Health savings account (HSA) growth continues at a healthy clip, according to the annual census by America’s Health Insurance Plans (AHIP), the national trade association representing the health insurance industry. AHIP’s recently released 2013 census shows that nearly 15.5 million people are covered by health savings account/high deductible health plans (HSA/HDHP) as of January 2013, up from 13.5 million in January 2012. The nearly 15 percent annual growth rate of HSA/HDHPs nationally is translating into similar growth in the number of HSAs at credit unions.
AHIP’s census also found that most of the HSA/HDHP enrollment gains were in the large group market, and that the states of Illinois, Texas, California, Ohio, and Michigan have the highest levels of HSA/HDHP enrollment. Age and gender distribution of people covered by HSA/HDHPs are almost evenly split, half male and half female, with half over age 40 and half under age 40.
This continued growth in HSA/HDHPs is the result of employers switching to consumer-directed health plans (CDHPs) that pair an HDHP with an HSA or health reimbursement account (HRA).
According to an analysis of the Mercer National Survey of Employer-Sponsored Health Plans, commissioned by the American Association of Preferred Provider Organizations (AAPPO), 36 percent of large employers and 22 percent of small employers offered CDHPs in 2012, up from 32 percent and 20 percent respectively in 2011. The AAPPO analysis also reported that, among the nation’s largest employers (20,000+ employees), 59 percent offered CDHPs in 2012, up from 48 percent in 2011.
Employers are switching to CDHPs to help curtail the rising cost of health care. The annual increase in health insurance premiums now is greater than the average wage increase and the rate of inflation. With annual premium increases for CDHPs lower than the overall average increase for traditional health plans, more employers are now switching to CDHPs. Employers that switch to CDHPs are more likely to choose an HDHP paired with an HSA—rather than an HRA—and increasingly offer an HSA/HDHP as the only plan option. The 18th Annual Towers Watson/National Business Group on Health Employer Survey on Purchasing Value in Health Care reported that 53 percent of respondents offered an HSA/HDHP in 2013, with another 14 percent indicating that they will add an HSA/HDHP option by 2014.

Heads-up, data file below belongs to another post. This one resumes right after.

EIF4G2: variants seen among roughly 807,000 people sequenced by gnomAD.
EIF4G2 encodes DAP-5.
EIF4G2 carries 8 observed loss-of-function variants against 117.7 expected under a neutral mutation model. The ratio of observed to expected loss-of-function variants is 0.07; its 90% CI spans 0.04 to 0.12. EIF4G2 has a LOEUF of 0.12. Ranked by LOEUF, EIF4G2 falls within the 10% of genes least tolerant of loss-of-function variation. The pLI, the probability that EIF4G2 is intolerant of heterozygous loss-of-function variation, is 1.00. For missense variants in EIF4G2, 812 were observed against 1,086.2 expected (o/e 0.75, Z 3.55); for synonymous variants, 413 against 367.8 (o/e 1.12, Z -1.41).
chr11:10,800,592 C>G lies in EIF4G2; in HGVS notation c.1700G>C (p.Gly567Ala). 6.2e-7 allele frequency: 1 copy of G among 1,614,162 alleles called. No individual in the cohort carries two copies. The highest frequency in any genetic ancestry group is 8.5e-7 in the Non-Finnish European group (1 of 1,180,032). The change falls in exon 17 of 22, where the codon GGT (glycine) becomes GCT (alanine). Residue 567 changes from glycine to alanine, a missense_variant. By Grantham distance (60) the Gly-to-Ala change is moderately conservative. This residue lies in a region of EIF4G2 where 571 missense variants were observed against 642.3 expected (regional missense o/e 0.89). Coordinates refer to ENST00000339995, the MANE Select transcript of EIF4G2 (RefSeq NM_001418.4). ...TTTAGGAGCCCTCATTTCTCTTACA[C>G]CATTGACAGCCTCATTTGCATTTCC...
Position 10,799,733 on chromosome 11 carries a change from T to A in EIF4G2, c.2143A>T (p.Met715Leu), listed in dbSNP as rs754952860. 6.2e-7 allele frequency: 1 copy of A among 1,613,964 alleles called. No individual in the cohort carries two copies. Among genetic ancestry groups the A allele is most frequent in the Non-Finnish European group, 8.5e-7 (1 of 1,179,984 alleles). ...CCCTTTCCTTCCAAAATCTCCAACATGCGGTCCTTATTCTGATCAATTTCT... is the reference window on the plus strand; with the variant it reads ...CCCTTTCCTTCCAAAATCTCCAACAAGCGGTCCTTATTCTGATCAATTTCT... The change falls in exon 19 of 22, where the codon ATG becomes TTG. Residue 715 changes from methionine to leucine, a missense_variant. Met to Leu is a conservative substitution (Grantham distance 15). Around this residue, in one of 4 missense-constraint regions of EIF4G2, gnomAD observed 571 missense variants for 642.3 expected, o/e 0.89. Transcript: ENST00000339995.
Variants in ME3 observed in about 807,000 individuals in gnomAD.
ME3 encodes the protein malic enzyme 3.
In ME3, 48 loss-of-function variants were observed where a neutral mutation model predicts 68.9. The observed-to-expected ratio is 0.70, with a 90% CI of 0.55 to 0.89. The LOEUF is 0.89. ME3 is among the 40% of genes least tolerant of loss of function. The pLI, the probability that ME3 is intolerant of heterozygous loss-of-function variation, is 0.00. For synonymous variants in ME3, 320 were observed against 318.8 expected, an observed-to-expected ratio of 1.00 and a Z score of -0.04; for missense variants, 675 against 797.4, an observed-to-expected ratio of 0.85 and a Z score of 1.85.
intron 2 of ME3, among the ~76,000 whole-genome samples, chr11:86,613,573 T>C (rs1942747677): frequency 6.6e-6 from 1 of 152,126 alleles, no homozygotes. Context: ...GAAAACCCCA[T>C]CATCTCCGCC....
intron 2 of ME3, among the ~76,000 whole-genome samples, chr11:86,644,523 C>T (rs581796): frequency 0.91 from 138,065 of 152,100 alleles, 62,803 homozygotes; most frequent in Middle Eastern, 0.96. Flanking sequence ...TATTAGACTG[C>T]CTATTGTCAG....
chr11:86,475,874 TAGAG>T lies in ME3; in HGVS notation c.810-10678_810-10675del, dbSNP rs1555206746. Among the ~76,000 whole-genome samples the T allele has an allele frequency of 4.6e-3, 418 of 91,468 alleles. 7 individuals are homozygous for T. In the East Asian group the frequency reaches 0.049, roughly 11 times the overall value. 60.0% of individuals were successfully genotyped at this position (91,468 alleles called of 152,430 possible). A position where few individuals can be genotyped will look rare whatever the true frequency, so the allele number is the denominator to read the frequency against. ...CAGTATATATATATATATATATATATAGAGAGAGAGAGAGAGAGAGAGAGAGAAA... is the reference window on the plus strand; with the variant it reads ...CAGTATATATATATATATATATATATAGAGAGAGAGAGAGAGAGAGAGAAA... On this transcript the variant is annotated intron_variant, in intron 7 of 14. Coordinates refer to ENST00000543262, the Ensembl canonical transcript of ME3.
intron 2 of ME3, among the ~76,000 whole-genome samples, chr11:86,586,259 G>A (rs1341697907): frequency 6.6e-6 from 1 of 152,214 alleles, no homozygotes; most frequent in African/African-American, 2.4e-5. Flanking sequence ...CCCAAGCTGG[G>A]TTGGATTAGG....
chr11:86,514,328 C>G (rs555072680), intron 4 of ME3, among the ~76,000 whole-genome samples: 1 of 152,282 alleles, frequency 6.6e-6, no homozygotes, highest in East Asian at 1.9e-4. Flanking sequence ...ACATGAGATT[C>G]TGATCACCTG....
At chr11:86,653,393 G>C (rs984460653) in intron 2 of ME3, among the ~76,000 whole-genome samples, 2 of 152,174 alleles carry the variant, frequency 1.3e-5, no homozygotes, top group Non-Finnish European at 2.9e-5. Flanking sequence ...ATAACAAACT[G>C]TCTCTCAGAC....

This trend is likely to continue for the foreseeable future, as employers struggle to manage rising healthcare costs, and avoid triggering the excise tax on high-cost health care plans mandated by the Patient Protection and Affordable Care Act (PPACA) starting in 2018.
Although the AHIP census tracks the number of individuals covered by HSA-eligible HDHPs, it does not track the number of HSA enrollments. However, there is a direct correlation between the census findings on the growth of HSA/HDHPs and data on the growth of HSAs. As the number of employers offering HSA/HDHPs increases, along with the number of people covered by the plans, so do the number of HSAs and the dollar amounts held in them. This is good news for credit unions and is reflected in account growth at credit unions offering HSAs.
For the second year in a row, credit unions offering HSAs recorded a more than 30 percent increase in HSA deposits. HSA deposits at credit unions increased from $512 million in December 2011 to over $667 million in December 2012, according to call report data analyzed by the Economics and Statistics Department of the Credit Union National Association, the national trade association serving credit unions. More than 780 credit unions offered HSAs to their members as of December 2012, up from 745 as of December 2011. Credit unions that offer HSAs have reported strong interest in HSA-eligible HDHPs among their self-employed and small business members. To help curb health care costs, many credit unions have switched to an HSA-eligible HDHP for their own employees.
Some credit unions initially offered HSAs to accommodate member requests, but increasingly credit unions see HSAs as a must-have product to help meet the needs of their self-employed and small business members. Credit unions that do not offer HSAs should consider offering them, especially in light of the changes that will result from implementation of the PPACA. The number of HSAs likely will increase dramatically over the next two years as the individual and employer mandates under PPACA kick in. Starting in 2014, individuals will be required to either buy health insurance coverage or pay a penalty, and in 2015, employers must either offer health insurance coverage to full-time employees or pay a penalty. Individuals and employers are likely to seek out low-cost health plans—such as HSA/HDHPs—to meet the PPACA requirements and avoid paying a penalty. This is good news for credit unions and a great opportunity for credit unions that offer HSAs to their members.
Dennis Zuehlke is Compliance Manager for Ascensus in Middleton, Wisconsin. Mr. Zuehlke provides clients with technical support on tax-advantaged accounts (including individual retirement accounts, health savings accounts, simplified employee pension plans, and Coverdell education savings accounts), and information reporting and tax withholding issues. Mr. Zuehlke is a frequent national speaker on compliance-related issues and retirement savings trends within the financial services industry.
Mr. Zuehlke attended Marquette University and graduated from the University of Wisconsin. Prior to joining Ascensus, he held a similar position with the Credit Union National Association.
Ascensus delivers a full range of retirement plan services—including plan administration, plan design and maintenance, consulting, web-based tools and content, software solutions, education and training, forms and documents, and technical resources—to more than 9,000 financial organizations nationwide.